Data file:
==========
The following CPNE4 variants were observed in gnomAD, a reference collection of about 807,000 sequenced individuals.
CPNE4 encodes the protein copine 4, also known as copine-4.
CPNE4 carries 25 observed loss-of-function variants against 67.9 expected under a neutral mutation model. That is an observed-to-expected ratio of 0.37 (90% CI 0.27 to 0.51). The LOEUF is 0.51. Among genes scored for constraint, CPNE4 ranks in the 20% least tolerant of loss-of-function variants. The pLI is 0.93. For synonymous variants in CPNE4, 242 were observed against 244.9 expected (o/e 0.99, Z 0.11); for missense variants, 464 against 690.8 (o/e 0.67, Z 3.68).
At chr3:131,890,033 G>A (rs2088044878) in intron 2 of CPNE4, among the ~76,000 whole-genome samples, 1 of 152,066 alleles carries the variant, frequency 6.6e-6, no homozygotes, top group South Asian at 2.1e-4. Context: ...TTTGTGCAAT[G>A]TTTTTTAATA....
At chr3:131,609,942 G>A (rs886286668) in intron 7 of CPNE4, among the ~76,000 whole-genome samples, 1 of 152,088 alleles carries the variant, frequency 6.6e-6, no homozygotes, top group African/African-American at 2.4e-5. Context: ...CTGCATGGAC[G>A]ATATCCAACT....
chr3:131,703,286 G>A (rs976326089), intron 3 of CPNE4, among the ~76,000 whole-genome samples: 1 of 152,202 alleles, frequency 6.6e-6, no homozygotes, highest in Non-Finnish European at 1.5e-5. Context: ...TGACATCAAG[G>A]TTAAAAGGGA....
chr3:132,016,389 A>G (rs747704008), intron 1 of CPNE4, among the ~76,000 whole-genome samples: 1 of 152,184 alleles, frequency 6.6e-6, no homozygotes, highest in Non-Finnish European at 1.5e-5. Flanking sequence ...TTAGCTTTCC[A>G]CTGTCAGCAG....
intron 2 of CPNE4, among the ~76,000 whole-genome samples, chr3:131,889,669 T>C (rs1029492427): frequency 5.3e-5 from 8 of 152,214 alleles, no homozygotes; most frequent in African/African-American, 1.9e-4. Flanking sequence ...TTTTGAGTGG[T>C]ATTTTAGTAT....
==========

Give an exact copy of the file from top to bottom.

The following CPNE4 variants were observed in gnomAD, a reference collection of about 807,000 sequenced individuals.
CPNE4 encodes the protein copine 4, also known as copine-4.
CPNE4 carries 25 observed loss-of-function variants against 67.9 expected under a neutral mutation model. That is an observed-to-expected ratio of 0.37 (90% CI 0.27 to 0.51). The LOEUF is 0.51. Among genes scored for constraint, CPNE4 ranks in the 20% least tolerant of loss-of-function variants. The pLI is 0.93. For synonymous variants in CPNE4, 242 were observed against 244.9 expected (o/e 0.99, Z 0.11); for missense variants, 464 against 690.8 (o/e 0.67, Z 3.68).
At chr3:131,890,033 G>A (rs2088044878) in intron 2 of CPNE4, among the ~76,000 whole-genome samples, 1 of 152,066 alleles carries the variant, frequency 6.6e-6, no homozygotes, top group South Asian at 2.1e-4. Context: ...TTTGTGCAAT[G>A]TTTTTTAATA....
At chr3:131,609,942 G>A (rs886286668) in intron 7 of CPNE4, among the ~76,000 whole-genome samples, 1 of 152,088 alleles carries the variant, frequency 6.6e-6, no homozygotes, top group African/African-American at 2.4e-5. Context: ...CTGCATGGAC[G>A]ATATCCAACT....
chr3:131,703,286 G>A (rs976326089), intron 3 of CPNE4, among the ~76,000 whole-genome samples: 1 of 152,202 alleles, frequency 6.6e-6, no homozygotes, highest in Non-Finnish European at 1.5e-5. Context: ...TGACATCAAG[G>A]TTAAAAGGGA....
chr3:132,016,389 A>G (rs747704008), intron 1 of CPNE4, among the ~76,000 whole-genome samples: 1 of 152,184 alleles, frequency 6.6e-6, no homozygotes, highest in Non-Finnish European at 1.5e-5. Flanking sequence ...TTAGCTTTCC[A>G]CTGTCAGCAG....
intron 2 of CPNE4, among the ~76,000 whole-genome samples, chr3:131,889,669 T>C (rs1029492427): frequency 5.3e-5 from 8 of 152,214 alleles, no homozygotes; most frequent in African/African-American, 1.9e-4. Flanking sequence ...TTTTGAGTGG[T>C]ATTTTAGTAT....